Name Variates: Mephistophiles, Mephistophilis, Mesphito, Memostophiles, Methosophiles, Megastophiles, Mephisto, Mephist, Hemostophile, Mephistophielis
Color: Black, Grey, Light Blue, Red
Rank: Chief Duke
Infernal Letter: K
Primary Qlipha: Thagirion (Black Sun/Belphagore)
Secondary Qlipha: Samael (Mercury/Adrammelech)
Gematria: 639; 919; 2094; 2288
I’ve written the important parts of this article in blue for people who want to focus on the practical.
We will not bother delving into the legend of Faust for this article. According to a book called Personal Names in Appellative Use in English, Mephisto predates that legend anyways (I am unsure of whether or not this is correct). Despite the commonplace allegation that Mephistophiles (most often called Mesphito in Demonolatry) is a purely fictitious entity, various medieval grimoires present him as an authentic demon, and Doctor Faust himself has been traced back to a wandering German Occultist who was commonly adduced as the quintessential Rennaissance blasphemer in the countless religious debates of the time.
The Faust mythos is comparable in nature to the mythos of Christ. Christ’s story serves to allegorically delineate the philosophy known as Christianity. In the same way that the life story of the (pseudo)messiah himself (Yehoshua ben Yosef) took on aspects of a pre-existent mythological character named Mythras, the fictional Faust had various pre-existent folk tales assimilated into later editions of the novel he debuted in.
Modern LHP magickians such as E.A. Koetting and J. Thorp present Mephistophiles or “Mesphito” as a legitimately extant demon. Mephistophiles also appears in a text affiliated with the Dakhma of Angra Mainyu and an enn or summoning chant for the demon is easily found.
Mephistophiles’s name is said to originate in the Hebrew word “Mephir” [Destroyer]. As the Keeper of the Book of Death, Mephistophiles is among the seven chiefs of Pandemonium. Mephestophiles is related to witchcraft, knowledge, divination, secrets, sorcery, ambition, hatred, deception, dark magick, alchemy, astral projection, shapeshifting, dream work, anger, vengeance, vampyrism, blood magick, necromancy, and war. He can bring about monetary gain, teach all skilled arts, and impart familiars of renowned quality, and it is said that he achieves incredibly quick results in magick. He is described variously as the counterpart, companion, or servant of Lucifer.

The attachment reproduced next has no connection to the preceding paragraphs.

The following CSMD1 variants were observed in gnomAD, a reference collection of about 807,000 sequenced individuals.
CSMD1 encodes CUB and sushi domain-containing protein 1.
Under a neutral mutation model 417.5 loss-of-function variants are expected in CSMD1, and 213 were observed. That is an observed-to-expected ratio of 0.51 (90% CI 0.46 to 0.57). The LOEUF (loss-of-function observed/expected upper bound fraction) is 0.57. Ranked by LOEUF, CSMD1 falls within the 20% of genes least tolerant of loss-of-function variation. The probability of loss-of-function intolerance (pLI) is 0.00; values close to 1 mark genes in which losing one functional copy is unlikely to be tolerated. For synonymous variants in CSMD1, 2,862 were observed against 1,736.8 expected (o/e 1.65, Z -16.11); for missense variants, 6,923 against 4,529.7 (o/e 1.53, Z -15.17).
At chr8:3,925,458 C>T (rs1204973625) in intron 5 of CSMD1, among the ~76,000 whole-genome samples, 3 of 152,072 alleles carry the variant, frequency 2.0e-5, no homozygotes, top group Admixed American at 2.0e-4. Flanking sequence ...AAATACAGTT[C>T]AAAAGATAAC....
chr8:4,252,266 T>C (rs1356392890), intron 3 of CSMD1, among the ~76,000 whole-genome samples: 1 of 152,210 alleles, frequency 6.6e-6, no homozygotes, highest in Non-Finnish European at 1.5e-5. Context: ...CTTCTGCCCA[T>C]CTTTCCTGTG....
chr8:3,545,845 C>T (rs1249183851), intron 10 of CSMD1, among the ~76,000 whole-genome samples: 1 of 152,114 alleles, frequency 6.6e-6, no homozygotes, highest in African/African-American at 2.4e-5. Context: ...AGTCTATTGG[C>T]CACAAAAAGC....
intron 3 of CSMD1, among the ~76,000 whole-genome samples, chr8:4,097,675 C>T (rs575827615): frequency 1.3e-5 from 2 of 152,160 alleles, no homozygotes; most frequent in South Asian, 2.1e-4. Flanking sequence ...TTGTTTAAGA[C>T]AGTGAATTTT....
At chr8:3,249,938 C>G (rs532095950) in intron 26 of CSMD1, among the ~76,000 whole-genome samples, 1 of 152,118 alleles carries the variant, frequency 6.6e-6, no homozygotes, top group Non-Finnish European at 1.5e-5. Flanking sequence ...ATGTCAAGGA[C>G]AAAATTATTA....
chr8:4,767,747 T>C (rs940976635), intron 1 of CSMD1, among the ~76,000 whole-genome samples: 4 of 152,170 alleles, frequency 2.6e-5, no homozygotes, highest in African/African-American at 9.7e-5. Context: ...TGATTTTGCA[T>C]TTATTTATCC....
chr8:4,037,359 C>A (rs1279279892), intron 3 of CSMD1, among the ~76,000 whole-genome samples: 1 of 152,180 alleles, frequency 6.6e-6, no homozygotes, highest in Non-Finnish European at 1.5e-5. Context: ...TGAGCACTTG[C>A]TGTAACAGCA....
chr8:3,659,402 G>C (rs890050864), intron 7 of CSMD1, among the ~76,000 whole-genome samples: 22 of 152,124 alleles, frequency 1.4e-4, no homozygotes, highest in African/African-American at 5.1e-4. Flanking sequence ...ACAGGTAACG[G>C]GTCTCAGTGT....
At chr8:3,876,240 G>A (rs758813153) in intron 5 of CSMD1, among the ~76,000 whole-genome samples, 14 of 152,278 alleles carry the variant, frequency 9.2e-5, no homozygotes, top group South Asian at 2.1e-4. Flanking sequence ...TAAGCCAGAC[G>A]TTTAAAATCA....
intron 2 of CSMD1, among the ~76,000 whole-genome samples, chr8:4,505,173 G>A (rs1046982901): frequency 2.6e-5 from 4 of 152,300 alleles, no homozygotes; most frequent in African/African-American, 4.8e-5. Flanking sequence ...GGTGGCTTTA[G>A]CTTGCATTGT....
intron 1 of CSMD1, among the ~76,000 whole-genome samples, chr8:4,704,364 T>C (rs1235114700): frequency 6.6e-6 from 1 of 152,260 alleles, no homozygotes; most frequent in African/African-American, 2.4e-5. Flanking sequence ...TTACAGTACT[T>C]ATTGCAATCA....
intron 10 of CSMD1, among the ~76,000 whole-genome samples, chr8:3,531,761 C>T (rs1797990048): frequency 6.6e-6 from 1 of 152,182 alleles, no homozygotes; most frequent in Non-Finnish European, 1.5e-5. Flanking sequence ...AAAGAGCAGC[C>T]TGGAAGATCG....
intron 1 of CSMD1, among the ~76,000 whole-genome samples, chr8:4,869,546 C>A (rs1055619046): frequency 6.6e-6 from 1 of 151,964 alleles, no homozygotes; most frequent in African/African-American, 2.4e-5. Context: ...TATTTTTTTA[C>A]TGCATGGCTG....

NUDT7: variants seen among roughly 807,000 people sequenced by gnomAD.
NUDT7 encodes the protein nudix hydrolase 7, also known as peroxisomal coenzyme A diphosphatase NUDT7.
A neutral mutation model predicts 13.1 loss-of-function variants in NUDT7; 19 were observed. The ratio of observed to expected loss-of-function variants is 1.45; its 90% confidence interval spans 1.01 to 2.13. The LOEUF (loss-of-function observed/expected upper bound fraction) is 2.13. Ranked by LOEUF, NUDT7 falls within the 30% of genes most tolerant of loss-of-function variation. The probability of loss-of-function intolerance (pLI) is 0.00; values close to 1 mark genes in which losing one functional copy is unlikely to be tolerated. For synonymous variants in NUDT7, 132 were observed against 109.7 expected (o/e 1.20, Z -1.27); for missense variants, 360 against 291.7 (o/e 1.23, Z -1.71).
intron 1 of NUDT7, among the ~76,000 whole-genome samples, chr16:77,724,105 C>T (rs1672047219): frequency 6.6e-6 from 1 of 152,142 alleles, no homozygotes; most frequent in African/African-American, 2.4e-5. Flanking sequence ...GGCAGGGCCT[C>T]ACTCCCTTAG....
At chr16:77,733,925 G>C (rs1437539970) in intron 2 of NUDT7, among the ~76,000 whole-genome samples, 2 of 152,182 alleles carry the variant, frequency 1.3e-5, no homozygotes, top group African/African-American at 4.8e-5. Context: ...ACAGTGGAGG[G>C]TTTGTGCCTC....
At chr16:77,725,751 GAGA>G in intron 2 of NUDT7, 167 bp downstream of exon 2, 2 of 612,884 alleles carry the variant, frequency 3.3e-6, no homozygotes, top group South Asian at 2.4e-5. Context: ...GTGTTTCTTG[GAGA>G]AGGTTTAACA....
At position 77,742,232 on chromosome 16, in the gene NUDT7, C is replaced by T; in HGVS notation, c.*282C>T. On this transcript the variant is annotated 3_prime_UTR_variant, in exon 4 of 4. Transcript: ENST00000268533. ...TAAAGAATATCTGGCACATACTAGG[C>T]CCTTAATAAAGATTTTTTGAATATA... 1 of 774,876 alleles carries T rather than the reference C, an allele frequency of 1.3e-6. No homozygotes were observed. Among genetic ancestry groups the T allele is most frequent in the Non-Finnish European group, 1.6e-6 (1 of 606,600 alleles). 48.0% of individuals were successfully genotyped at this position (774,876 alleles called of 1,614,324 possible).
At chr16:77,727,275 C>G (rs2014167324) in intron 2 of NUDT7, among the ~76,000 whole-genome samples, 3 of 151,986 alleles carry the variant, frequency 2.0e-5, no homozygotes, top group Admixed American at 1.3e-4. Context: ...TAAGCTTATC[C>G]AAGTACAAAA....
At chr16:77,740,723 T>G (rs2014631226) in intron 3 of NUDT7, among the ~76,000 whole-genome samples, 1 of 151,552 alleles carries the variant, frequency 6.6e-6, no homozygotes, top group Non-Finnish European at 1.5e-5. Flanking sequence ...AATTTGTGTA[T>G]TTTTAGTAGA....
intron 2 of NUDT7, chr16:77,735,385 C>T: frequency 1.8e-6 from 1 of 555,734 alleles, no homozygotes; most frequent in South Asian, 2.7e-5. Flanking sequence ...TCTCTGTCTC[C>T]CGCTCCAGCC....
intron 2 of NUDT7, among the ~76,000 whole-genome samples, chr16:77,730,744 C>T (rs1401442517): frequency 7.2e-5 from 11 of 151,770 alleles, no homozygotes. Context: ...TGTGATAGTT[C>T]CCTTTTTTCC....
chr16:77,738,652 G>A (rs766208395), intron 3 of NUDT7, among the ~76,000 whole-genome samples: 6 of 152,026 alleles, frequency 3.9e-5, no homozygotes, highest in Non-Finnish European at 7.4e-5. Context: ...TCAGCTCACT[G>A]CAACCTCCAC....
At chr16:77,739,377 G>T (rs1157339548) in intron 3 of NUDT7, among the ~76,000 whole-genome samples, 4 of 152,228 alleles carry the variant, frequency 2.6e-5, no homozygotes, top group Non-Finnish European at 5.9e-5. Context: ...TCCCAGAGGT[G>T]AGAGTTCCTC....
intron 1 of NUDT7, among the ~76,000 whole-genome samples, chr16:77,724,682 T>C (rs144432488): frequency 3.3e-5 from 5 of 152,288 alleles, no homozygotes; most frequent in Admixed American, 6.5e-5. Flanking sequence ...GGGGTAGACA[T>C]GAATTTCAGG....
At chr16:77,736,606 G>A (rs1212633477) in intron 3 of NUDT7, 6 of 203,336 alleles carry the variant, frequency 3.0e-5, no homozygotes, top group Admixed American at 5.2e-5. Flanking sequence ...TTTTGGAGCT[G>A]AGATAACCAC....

According to my personal gnosis, Mesphito can increase one’s social skills, and his are incredible. He can raise one’s IQ and improve physical fitness. He rules flirtation, seduction, charisma, sex, romance, and sexuality. He can cure or at least decrease the symptoms of autism and dyslexia (your skills and efforts determine the efficacy of this).
According to At the Crossroads, Mephistophiles manifests both as a toad and a black dog, and he is one of the most powerful magickal forces which the author had ever witnessed. The author described the archdemon as alluring/seductive. Liber Satangelica describes Mesphito as deeply charismatic, and The Sixth and Seventh Books of Moses describe the fiend as eager to assist and teach the celebrant.
According to Ketab e-Siyah, Mephistophiles rules the seventh letter of the infernal alphabet, which is apparently K. While Mesphito has strategically placed this letter within my surroundings to get my attention, I don’t actually know what this means. I know that the K in magick refers to the Hebrew “Kaf”, which letter represents the Magnum Opus and has been related to Mercury, but I do not know whether such an interpretation is applicable here.
There is an entity in The Grimoire of Armadel named Hemostophile who is almost unanimously identified with Mephistophiles. While some commentators have been tentative in their identification of Hemostophile with Mephistophiles due to the significant difference between the names, the little-known appearance of the name variate “Memostophiles” in a medieval grimoire bridges the gap nicely.